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Reopened: We’re still looking for a Research manager to join the team!

Full-time remote position: $36,000 — $42,000, depending on experience

Photo by Sigmund on Unsplash

The Open Data Charter is still seeking a Research manager to take a leading role in the organisation’s work on data rights. We have had to re-open this vacancy as we have not found the right person to fill the position. We hope to strengthen our voice through the production of high-quality documents that showcase the work we do with our network and who can work well with the whole team.

Key Responsibilities include:

  • Support drafting and revision of high-quality, compelling, and detailed project reports and progress reports to institutional donors.
  • Lead the revision process for ODC reporting.
  • Lead ODC´s work around data rights and continue developing ODC´s position on the role of open data policies within the broader Digital Rights and Data rights agenda
  • Write white papers and incorporate insights into ODC outputs, reports, and communications.
  • Keep ODC projects and strategy informed of the latest developments related to its network and core themes using literature scans, qualitative studies, interviews, and attendance of events.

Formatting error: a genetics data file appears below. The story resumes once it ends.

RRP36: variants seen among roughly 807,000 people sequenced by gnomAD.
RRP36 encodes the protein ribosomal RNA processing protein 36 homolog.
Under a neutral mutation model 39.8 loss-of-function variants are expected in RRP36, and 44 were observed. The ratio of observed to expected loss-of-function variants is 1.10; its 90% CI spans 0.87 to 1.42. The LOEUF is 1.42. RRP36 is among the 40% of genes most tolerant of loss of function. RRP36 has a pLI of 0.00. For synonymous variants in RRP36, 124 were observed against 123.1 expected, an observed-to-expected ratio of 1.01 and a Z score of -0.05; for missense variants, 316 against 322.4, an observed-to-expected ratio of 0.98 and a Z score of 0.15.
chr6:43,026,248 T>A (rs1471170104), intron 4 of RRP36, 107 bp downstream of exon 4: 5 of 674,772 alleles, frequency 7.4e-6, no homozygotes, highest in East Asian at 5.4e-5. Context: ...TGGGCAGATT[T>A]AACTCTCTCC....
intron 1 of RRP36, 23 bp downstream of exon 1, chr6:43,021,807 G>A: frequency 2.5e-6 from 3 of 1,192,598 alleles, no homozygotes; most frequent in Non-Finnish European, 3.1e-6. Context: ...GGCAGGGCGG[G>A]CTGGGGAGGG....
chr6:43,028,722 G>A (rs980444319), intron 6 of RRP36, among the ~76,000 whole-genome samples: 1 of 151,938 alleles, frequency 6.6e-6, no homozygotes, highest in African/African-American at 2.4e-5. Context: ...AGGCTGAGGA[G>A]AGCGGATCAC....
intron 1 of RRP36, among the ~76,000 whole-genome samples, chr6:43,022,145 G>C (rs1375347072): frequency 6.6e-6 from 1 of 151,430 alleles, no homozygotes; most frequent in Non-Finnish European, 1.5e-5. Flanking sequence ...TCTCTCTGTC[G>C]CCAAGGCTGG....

Mandatory Requirements

  • English proficiency: fluent spoken and fluent written
  • Minimum 3–5 years experience as a researcher in a research or applied research environment in the social sciences
  • Demonstrated experience researching or working professionally in the following fields: open data, open government, civic technology, information sciences, data science, or equivalent.

Read the full job description and Terms of Reference here.

We want to achieve greater diversity and encourage applications from underrepresented groups. We would appreciate if you could share widely among your networks. If the profile we’re looking for sounds like you, or someone you know, please send your CV, cover letter and writing samples to by April 8, 2022.

The Open Data Charter was launched at the margins of the 2015 United Nations General Assembly after a global consultation by key representatives from governments and leading organisations set out six key Principles, including that data should be open by default, timely and interoperable. Since then, more than 150 governments and organisations have joined this movement to shape purpose-driven open data policies and practices around the world — from New Zealand to Kenya, or Buenos Aires to Ontario.




Learn how we are working towards a culture of open and responsible data use by governments and its citizens.

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